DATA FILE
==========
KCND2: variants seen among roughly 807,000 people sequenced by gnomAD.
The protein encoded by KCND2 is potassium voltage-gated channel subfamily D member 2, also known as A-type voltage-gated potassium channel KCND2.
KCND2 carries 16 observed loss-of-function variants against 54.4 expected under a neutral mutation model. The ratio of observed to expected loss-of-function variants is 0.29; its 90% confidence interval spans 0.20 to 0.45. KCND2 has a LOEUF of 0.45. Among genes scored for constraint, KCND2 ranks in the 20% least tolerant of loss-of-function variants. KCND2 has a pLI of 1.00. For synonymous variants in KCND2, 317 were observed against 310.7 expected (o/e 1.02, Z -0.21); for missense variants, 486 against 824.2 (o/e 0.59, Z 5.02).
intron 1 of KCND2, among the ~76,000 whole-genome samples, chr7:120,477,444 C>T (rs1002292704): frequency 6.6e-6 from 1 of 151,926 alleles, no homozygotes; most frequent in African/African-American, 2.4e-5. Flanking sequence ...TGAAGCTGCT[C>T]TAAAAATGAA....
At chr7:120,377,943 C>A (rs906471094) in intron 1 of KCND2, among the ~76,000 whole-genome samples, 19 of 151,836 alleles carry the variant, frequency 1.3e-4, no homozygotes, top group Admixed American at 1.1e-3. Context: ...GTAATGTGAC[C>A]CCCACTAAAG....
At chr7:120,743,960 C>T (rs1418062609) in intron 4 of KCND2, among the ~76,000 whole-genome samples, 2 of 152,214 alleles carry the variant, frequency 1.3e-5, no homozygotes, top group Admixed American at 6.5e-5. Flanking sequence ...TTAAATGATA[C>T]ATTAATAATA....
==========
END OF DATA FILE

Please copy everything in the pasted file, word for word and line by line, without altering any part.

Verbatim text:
KCND2: variants seen among roughly 807,000 people sequenced by gnomAD.
The protein encoded by KCND2 is potassium voltage-gated channel subfamily D member 2, also known as A-type voltage-gated potassium channel KCND2.
KCND2 carries 16 observed loss-of-function variants against 54.4 expected under a neutral mutation model. The ratio of observed to expected loss-of-function variants is 0.29; its 90% confidence interval spans 0.20 to 0.45. KCND2 has a LOEUF of 0.45. Among genes scored for constraint, KCND2 ranks in the 20% least tolerant of loss-of-function variants. KCND2 has a pLI of 1.00. For synonymous variants in KCND2, 317 were observed against 310.7 expected (o/e 1.02, Z -0.21); for missense variants, 486 against 824.2 (o/e 0.59, Z 5.02).
intron 1 of KCND2, among the ~76,000 whole-genome samples, chr7:120,477,444 C>T (rs1002292704): frequency 6.6e-6 from 1 of 151,926 alleles, no homozygotes; most frequent in African/African-American, 2.4e-5. Flanking sequence ...TGAAGCTGCT[C>T]TAAAAATGAA....
At chr7:120,377,943 C>A (rs906471094) in intron 1 of KCND2, among the ~76,000 whole-genome samples, 19 of 151,836 alleles carry the variant, frequency 1.3e-4, no homozygotes, top group Admixed American at 1.1e-3. Context: ...GTAATGTGAC[C>A]CCCACTAAAG....
At chr7:120,743,960 C>T (rs1418062609) in intron 4 of KCND2, among the ~76,000 whole-genome samples, 2 of 152,214 alleles carry the variant, frequency 1.3e-5, no homozygotes, top group Admixed American at 6.5e-5. Flanking sequence ...TTAAATGATA[C>T]ATTAATAATA....